On January 18, 2021, the Superior Court of Justice, in Yee v Hudson’s Bay Company, 2021 ONSC 387, appears to have addressed the question of whether the COVID-19 pandemic can impact reasonable notice period awards. The Court’s comments suggest that where an employee is terminated after the COVID-19 pandemic began, the employer could be liable for providing longer reasonable notice periods, or payments in lieu of notice, to account for the impact of the pandemic.
Melvin Yee was terminated without cause by the Hudson’s Bay Company (“Hudson’s Bay”) on August 28, 2019. He was 62 years old, had 11.65 years of service, and held the position of Director of Product Design and Development at the time of his termination. Mr. Yee’s contract did not contain an enforceable termination clause. Consequently, the court was left to determine an appropriate reasonable notice period.
Mr. Yee argued that a longer notice period was justified because the COVID-19 pandemic had caused an economic downturn and negatively impacted the job market. In support of this assertion, Mr. Yee pointed to his approximately 90 unsuccessful job applications during this period.
In determining the appropriate length of notice to award Mr. Yee, the court considered the four factors identified in the seminal case of Bardal v. Globe & Mail, 1960 CanLII 294 (ON SC):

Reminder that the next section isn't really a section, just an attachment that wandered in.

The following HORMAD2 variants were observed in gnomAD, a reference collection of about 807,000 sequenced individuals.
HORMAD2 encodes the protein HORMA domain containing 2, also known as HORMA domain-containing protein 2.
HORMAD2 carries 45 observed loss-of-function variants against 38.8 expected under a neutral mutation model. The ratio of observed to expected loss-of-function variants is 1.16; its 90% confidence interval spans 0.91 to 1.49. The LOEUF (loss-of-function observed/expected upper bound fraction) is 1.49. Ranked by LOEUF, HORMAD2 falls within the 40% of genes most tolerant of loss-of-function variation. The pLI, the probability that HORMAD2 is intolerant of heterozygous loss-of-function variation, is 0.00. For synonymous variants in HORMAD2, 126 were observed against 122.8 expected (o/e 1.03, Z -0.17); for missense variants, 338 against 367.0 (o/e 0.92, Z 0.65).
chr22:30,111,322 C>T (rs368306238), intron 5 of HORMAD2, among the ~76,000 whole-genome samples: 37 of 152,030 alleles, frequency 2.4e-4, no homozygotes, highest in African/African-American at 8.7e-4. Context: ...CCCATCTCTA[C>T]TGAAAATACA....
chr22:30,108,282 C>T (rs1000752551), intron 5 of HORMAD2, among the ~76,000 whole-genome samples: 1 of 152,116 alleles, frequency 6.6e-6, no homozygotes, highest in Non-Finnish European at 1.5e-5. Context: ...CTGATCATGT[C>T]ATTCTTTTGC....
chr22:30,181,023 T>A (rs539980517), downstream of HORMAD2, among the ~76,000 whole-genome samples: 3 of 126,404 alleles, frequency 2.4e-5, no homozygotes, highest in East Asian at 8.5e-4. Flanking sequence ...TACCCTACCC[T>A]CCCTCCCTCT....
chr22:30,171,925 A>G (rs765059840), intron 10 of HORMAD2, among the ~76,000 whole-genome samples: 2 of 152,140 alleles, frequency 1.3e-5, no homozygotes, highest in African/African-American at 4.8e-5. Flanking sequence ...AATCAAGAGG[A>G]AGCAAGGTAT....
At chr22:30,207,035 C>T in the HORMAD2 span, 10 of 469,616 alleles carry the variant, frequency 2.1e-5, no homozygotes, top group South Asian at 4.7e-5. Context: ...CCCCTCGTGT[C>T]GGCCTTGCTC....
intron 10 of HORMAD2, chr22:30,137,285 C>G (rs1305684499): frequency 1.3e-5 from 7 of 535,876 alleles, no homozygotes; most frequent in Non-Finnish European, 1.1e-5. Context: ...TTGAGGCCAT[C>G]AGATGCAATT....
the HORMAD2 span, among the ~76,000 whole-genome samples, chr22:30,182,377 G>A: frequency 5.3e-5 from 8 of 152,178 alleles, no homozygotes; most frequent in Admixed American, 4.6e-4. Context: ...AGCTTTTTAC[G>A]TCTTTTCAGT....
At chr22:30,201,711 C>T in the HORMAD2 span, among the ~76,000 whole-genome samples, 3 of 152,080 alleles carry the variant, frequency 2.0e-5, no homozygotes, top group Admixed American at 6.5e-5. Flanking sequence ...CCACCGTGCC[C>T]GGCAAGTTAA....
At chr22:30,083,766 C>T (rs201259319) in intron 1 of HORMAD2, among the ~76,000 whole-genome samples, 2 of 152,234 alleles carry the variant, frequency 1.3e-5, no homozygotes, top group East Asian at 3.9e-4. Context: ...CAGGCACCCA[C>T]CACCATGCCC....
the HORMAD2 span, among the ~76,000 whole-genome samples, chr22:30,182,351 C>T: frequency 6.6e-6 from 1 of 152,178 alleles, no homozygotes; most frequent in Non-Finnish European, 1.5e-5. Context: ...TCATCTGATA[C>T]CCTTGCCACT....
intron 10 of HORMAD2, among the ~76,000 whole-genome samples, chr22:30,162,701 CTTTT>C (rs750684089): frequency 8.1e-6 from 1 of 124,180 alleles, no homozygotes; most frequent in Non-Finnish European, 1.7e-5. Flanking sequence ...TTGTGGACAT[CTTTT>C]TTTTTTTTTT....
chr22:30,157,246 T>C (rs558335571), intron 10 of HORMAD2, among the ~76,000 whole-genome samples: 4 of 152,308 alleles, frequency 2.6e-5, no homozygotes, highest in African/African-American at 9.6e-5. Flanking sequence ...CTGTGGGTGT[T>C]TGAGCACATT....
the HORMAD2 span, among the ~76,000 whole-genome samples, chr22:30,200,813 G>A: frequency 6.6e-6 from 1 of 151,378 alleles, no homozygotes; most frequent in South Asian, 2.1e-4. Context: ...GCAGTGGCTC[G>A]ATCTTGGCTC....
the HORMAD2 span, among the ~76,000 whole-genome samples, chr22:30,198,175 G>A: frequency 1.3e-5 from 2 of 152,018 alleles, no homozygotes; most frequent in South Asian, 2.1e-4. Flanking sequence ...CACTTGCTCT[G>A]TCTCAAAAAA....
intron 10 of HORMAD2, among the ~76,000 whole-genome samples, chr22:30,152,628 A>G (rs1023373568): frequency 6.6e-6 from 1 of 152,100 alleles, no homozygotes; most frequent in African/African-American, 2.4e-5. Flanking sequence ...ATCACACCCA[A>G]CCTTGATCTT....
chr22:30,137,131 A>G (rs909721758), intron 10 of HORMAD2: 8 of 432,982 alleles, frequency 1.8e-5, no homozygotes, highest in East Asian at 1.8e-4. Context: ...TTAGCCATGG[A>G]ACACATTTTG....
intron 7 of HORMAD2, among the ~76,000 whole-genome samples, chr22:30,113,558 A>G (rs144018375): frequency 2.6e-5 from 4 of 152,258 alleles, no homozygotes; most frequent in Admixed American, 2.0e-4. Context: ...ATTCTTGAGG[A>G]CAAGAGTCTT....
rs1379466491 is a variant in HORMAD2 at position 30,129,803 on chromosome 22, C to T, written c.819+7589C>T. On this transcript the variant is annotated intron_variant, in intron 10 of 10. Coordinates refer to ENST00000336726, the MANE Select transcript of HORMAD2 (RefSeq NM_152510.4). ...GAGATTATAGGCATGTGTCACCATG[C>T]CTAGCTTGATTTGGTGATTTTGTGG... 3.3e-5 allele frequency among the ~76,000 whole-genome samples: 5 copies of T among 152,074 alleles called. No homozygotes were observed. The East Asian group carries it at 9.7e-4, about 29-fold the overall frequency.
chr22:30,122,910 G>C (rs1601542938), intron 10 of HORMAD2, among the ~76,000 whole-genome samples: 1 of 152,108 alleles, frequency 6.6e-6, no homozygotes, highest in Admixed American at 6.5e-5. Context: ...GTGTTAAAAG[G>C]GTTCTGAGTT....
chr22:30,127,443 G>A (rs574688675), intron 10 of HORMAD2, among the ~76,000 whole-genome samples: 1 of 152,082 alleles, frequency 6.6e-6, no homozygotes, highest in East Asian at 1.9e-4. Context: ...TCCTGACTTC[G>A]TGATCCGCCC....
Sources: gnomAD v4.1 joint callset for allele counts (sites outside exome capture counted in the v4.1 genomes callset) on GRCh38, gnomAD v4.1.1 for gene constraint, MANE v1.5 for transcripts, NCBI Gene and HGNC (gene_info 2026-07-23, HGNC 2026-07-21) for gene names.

- Length of Service
- Character of Employment
- Availability of Similar Employment
The court found that Mr. Yee’s age, years of service, and the managerial nature of his role favoured awarding a longer period of reasonable notice. When considering availability of similar employment, and the negative impact of the COVID 19 pandemic, the court reiterated that a longer period of reasonable notice could be justified by economic factors, such as a downturn in the economy and subsequent difficulty finding alternate employment. However, the court clarified that reasonable notice should be "determined by the circumstances existing at the time of termination and not by the amount of time that it takes the employee to find employment”. Following these remarks, the Court stated that terminations that occurred before the COVID-19 pandemic and its economic hardships should not attract the same considerations as those occurring after it began. Ultimately, and based on the four Bardal factors, the court awarded Mr. Yee a 16-month reasonable notice period.
Implications for employers
When determining reasonable notice entitlements, courts will consider the circumstances which existed at the time of termination. Therefore, the negative economic fallout from the COVID-19 pandemic will not influence the notice awards for employees terminated prior to the commencement of the pandemic. Conversely, employers should expect that employees terminated after the COVID-19 pandemic began will likely be entitled to greater notice periods that account for the negative economic impact of the pandemic.
The foregoing is for informational purposes only and should in no way be relied upon as legal advice. For legal advice tailored to your circumstances and business, please contact any of SOM LLP’s lawyers by email or telephone.